Physician burnout has become a significant problem, largely due to a growing administrative burden on medical professionals. Tasks like prior authorizations, quality reporting, messaging patients, and EHR documentation often overflow into after-clinic work.

Most doctors are more intimately aware of how “charting pajama time” or “EHR date nights” impact their personal lives and well-being. 

Organizations like the AAFP are advocating for system-level reforms to alleviate administrative complexity. However, individual physicians can simultaneously implement workflow changes to reduce after-clinic work. 

Seven tips to reduce after-clinic work

Here are seven practical tips for reducing after-clinic work. Pick one or two strategies that will benefit you, and make time to implement them this week. 

1. Have a reason to leave work on time

When you’re motivated to make a change, you can usually find a way to do it. Think about your “why” for reducing after-clinic work. 

Do you want to get home earlier to spend time with your children or partner? Are you committed to getting to the gym more often to improve your health and well-being?

Clearly stating your reason for shifting work habits will help you stay focused and motivated. Try writing your “why” somewhere you’ll see it in the mornings before work. 

2. Use previsit planning

Pre-visit planning is one of the best ways to streamline patient visits. Order necessary labs or imaging in advance when you schedule a patient for their next visit. 

Medical assistants (MAs) can also help prepare visit materials and handle follow-up tasks. You can create standardized prep sheets for common conditions to empower MAs to anticipate and arrange required tasks, facilitating smoother appointments.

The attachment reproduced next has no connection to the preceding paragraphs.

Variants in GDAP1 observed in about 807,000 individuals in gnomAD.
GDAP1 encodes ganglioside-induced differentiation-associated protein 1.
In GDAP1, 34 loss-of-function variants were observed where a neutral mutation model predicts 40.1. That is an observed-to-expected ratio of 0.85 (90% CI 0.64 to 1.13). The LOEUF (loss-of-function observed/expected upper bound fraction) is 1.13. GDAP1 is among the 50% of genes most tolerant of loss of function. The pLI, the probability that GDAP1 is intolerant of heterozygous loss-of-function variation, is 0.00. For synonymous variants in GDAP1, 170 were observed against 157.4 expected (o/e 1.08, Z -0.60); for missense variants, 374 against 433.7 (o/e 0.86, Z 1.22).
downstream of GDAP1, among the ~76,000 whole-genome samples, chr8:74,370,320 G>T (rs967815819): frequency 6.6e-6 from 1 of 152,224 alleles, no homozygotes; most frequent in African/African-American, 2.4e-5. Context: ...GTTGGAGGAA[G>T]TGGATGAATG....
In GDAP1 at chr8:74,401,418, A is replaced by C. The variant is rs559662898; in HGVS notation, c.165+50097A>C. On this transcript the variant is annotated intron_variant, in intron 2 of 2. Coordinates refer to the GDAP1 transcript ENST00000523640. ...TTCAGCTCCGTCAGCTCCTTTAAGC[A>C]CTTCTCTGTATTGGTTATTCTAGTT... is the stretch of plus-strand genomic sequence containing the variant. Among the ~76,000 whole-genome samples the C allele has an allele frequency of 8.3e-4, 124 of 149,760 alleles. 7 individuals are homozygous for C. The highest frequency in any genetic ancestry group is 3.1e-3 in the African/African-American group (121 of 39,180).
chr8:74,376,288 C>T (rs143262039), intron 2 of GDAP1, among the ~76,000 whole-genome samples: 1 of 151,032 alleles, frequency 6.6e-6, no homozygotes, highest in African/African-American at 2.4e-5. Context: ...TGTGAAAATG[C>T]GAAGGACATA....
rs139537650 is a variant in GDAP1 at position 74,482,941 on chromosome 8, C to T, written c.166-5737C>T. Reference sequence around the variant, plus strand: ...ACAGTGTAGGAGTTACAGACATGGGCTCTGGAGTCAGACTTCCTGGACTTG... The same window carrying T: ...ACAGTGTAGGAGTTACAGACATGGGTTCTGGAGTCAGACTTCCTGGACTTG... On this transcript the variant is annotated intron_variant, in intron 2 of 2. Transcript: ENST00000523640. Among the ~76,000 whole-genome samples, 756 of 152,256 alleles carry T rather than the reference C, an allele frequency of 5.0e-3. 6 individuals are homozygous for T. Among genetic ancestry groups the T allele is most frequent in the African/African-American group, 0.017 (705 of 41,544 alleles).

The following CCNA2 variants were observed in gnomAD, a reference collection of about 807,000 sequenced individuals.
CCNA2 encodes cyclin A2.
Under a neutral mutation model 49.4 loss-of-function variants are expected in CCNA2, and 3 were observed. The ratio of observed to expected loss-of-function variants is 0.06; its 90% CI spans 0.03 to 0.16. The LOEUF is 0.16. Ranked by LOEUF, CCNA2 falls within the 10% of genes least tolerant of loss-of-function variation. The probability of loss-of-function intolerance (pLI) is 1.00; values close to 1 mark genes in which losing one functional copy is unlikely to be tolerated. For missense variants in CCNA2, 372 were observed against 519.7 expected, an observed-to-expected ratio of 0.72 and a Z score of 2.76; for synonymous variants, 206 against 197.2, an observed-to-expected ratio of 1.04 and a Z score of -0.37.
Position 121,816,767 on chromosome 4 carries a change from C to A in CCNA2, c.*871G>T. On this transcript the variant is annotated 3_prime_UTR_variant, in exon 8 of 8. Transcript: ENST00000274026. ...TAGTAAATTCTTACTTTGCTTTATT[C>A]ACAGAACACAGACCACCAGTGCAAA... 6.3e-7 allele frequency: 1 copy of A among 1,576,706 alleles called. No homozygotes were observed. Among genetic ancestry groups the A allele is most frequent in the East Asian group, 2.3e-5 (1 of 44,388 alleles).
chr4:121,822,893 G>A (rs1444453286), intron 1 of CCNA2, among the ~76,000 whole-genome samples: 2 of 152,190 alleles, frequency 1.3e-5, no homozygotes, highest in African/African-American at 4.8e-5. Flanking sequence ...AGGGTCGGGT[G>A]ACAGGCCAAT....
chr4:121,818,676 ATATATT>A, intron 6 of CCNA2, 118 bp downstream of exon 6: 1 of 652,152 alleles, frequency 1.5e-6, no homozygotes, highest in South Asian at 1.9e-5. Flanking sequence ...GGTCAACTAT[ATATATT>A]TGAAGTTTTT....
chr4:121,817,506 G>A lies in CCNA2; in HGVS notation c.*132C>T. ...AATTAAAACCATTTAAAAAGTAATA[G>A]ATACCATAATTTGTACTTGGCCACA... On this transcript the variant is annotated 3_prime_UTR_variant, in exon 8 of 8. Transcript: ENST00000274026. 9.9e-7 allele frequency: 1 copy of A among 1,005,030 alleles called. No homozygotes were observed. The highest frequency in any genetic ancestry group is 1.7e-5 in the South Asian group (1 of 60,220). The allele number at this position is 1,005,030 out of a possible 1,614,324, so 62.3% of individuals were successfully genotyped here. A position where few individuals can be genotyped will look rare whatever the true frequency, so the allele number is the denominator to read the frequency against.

3. Coordinate your team more intentionally

There are probably moments in your workday when you wonder, “Why am I doing this task?” Keep a list of these tasks and try to delegate or automate as many as possible. 

Thoughtful delegation benefits your entire team. For example, set up protocols for when your MA can take over for you. MAs can give certain vaccines, enter refills in the EHR for many medications, help with documentation, educate patients, and much more. 

Delegating gives you and your staff more opportunities to work at the top of your license, providing professional development opportunities and making everyone feel more engaged at work.

Be thoughtful about what you delegate and automate routine tasks whenever possible. For example, patients should be able to easily schedule and re-schedule appointments online or through an app without any involvement from clinic staff. Similarly, pre-prepared patient education materials for common conditions allow your team to send follow-up instructions with one click. Using the right medical practice software tools can improve the patient experience and save you hours every week.

Pro Tip: Schedule regular team meetings to discuss task delegation and workflow optimization. Encourage open communication and feedback from all team members to identify opportunities for streamlining processes and maximizing everyone’s efficiency.

4. Revamp documentation practices